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Evaluation of the effects of sound exposure and low field electromagnetism on growth and antibiotics susceptibility of some microorganisms

Abstract

Background

The emergence of antibiotic-resistant microorganisms has been largely associated with drug misuse, drug abuse, and indiscriminate disposal of drugs; however, the interactions between some environmental factors and antibiotic resistance by microorganisms have been understudied. In this study, the effects of sound and electromagnetic field on the growth and antibiotic susceptibility of selected microorganisms to antibiotics were investigated.

Results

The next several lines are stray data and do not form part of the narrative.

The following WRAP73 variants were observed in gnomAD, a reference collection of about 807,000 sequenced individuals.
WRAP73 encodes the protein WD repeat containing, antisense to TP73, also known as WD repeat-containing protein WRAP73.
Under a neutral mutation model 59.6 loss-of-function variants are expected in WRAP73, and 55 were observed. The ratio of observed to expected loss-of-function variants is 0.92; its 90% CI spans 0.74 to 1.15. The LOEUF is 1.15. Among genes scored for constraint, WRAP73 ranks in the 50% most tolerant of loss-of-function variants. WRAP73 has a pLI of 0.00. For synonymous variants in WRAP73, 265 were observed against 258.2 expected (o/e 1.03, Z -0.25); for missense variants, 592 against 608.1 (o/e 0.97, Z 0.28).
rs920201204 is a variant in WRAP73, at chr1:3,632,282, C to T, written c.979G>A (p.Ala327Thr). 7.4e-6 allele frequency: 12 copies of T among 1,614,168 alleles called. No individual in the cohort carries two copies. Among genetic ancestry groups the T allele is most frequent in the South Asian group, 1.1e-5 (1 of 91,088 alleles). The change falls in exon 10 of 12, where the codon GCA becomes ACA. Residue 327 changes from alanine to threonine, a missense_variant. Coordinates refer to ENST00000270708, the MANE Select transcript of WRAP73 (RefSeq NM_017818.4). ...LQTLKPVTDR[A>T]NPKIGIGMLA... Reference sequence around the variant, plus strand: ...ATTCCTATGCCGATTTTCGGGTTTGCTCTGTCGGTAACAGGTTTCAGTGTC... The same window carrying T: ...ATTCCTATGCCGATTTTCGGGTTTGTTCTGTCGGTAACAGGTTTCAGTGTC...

Microorganisms used include Gluconobacter oxydans ATCC 19,357, Rhodobacter sphaeroides ATCC 17,023, Citrobacter freundii ATCC 33,128, Yersina pestis ATCC 11,953, Bacillus subtilis 6633, Acetobacter aceti ATCC 15,973, Escherichia coli ATCC 25,922, Pseudomonas aeuriginosa ATCC 9027, Streptococcus pyogenes ATCC 19,613, Klebsiella pneumonia ATCC 25,955, Staphylococcus aureus ATCC 25,923 and Serratia marcescens ATCC 14,766. The antibiotics used were: Ciprofloxacin 5 μg, Imipenem 10 μg, Ampicillin 10 μg, Ceftazidime 30 μg and Tetracycline 30 μg for Gram-negative bacteria while Pefloxacin 10 μg, Gentamycin 10 μg, Amplicillin + Cloxacillin 30 μg, Cefuroxime 20 μg, Amoxacillin 30 μg, Ceftriaxone 25 μg, Ciprofloxacin 10 μg, Streptomycin 30 μg, Co-trimoxazole 30 μg, and Erythromycin 10 μg for Gram-positive bacteria, respectively. Acoustic treatment had varying effects on the antibiotics susceptibility profile of all test bacterial culture. Before exposure, P. aeruginosa had the highest zone of inhibition of 34 ± 3.4 mm, while B. subtilis had least inhibition zone of 12 ± 2.8. After exposure to acoustic treatment at 5000 Hz/90 dB at 72 h, C. freundii had highest zone of inhibition of 32 ± 0.7 mm and the least zone of 11 ± 1.4 mm observed in P. aeruginosa. At 1125 Hz/80 dB after 72 h, R. sphaeroides had highest zone of 34 ± 0.7 mm while A. aceti had least zone of inhibition of 10 ± 0 mm. Effect of electromagnetic flux treatment of 15 min showed E. coli to be the most inhibited having a growth rate of 0.08 log cfu/mL, antibiotics testing showed G. oxydans to have the highest zone of inhibition of 28 ± 3.5 mm and least zone was observed in B. subtilis having a zone of 13 ± 2.8 mm.